COVID Pandemic and Threat of Violence Make for an Eerie Inauguration Day Like No Other

Members of the National Guard patrol near the U.S. Capitol in Washington, D.C., January 19, 2021. (Andrew Kelly/Reuters)

A pandemic that has killed more than two million people worldwide and the threat of insurrectionist violence will make today’s presidential inauguration of Democrat Joe Biden unlike any inauguration in American history.

There will be no massive crowds, and likely no debates over crowd size. The National Mall will be closed to the public. And to prevent the spread of COVID-19, the traditional inaugural parade will be replaced by a celebrity-filled virtual event.

There are 25,000 National Guard troops in Washington D.C., which has become a maze of fencing, concrete barriers and check points. They are there to discourage and prevent violence on the heels of the January 6 riot at the U.S. Capitol by a mob of supporters of President Donald Trump, who has refused to accept defeat and has continued to repeat baseless allegations that the November election was stolen from him through fraud.

The FBI is doing additional screening of all of the National Guard troops in D.C. in an attempt to root out any members who could pose a threat, the Associated Press reported. Thousands of troops are also guarding statehouses across the country.

Another difference with this year’s inauguration: the outgoing president will not be there. Trump, who is expected to depart D.C. for Florida at 8 a.m., will be the first president in more than 150 years to skip his successor’s inauguration. The last was Andrew Johnson, another impeached president, who didn’t attend the inauguration of Ulysses Grant, according to the White House Historical Association. Biden has said it is “a good thing” Trump isn’t attending.

The inauguration events are expected to kick off at 10 a.m. with a virtual “Inaugural Celebration for Young Americans.” Biden is expected to arrive at the U.S. Capitol at 11 a.m., and will be sworn in as the nation’s 46th president at noon.

Biden will be sworn in on the west front of the U.S. Capitol building, which is surrounded by a seven-foot-tall fence. Former presidents Barack Obama, George W. Bush, and Bill Clinton are expected to attend with their wives, as is Vice President Mike Pence.

Pop star Lady Gaga is slated to perform the National Anthem, and Jennifer Lopez is scheduled for a musical performance, according to the Presidential Inaugural Committee. Country music star Garth Brooks also is expected to perform. The star power at Biden’s inauguration is in stark contrast to Trump, who struggled to recruit top-tier performers for his inauguration.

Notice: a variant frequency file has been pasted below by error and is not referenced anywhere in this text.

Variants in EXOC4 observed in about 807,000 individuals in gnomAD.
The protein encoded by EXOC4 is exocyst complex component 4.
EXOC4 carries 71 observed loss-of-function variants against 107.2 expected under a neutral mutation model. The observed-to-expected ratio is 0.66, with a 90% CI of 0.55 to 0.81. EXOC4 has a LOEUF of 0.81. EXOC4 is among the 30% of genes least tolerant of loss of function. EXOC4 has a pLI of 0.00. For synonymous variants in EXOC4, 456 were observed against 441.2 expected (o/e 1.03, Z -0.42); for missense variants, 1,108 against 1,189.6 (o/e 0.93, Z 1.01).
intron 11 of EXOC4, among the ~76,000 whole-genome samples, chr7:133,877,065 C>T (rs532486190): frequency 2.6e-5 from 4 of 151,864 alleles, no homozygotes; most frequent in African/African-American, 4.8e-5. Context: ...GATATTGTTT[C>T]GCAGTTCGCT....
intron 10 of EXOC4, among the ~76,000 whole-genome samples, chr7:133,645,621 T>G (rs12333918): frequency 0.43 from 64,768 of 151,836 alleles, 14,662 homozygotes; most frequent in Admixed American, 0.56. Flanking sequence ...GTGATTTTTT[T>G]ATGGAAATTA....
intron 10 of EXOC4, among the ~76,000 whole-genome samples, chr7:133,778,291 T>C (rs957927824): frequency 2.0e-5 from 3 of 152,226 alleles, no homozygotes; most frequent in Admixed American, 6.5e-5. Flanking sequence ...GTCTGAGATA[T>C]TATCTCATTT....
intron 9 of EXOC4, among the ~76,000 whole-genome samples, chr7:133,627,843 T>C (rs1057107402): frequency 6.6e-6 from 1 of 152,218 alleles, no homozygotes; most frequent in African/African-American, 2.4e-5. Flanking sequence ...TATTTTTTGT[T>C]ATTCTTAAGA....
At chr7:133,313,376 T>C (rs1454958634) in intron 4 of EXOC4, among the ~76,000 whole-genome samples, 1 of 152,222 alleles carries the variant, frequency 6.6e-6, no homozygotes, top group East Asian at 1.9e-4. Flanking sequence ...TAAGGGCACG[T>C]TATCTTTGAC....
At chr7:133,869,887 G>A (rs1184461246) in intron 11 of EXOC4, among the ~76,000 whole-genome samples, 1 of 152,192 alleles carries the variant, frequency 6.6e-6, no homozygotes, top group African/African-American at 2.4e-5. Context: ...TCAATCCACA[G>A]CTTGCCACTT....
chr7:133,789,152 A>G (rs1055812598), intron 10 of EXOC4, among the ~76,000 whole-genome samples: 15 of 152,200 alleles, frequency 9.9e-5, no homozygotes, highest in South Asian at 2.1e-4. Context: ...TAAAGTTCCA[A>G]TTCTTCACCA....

“This is a great day in our household. This is not a political statement, this is a statement of unity,” Brooks said during a press conference Monday, according to several media reports. “This is history, and it is an honor to get to serve.”

After he is sworn in, Biden is expected to participate in a Pass in Review ceremony, a military tradition that reflects the peaceful transfer of power to a new president. Biden, Vice President-elect Kamala Harris and their spouses will then head to Arlington National Cemetery for a wreath-laying ceremony at the Tomb of the Unknown Soldier. Biden will then receive a military escort to the White House.

The virtual “Parade Across America” at 3:15 p.m. will be hosted by actor Tony Goldwyn, a Biden supporter who played the president on the television show “Scandal.” The virtual parade will feature planned appearances by comedian Jon Stewart, Olympic athletes, marching bands and dance groups. Curiously, it also will feature a performance by the reunited alt-rock band New Radicals, a one-hit wonder from the late 1990s, and an appearance by Nathan Apodaca, who gained Tik Tok fame last year after he recorded himself skateboarding to work with a bottle of cranberry juice while listening to Fleetwood Mac. The Idaho Falls native was living in a Walmart parking lot at the time, but has since bought a house after receiving a flood of donations.

The inaugural events will conclude with a primetime television special hosted by Tom Hanks, and featuring performances by Jon Bon Jovi, Demi Lovato, Justin Timberlake and others. The special will be carried by most of the largest TV networks. There was no similar event four years ago celebrating Trump’s inauguration.

In addition to the pomp and circumstance, Biden also is expected to implement a series of day one executive actions, including ending Trump’s restriction on immigration from Muslim-majority countries, rejoining the Paris climate accords, extending a pause on student-loan payments, and mandating masks on federal property and during interstate travel. He also has promised to “cancel” the Keystone pipeline on his first day in office.

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Ryan Mills is a media reporter at National Review. He previously worked for 14 years as a breaking news reporter, investigative reporter, and editor at newspapers in Florida. Originally from Minnesota, Ryan lives in the Fort Myers area with his wife and two sons.


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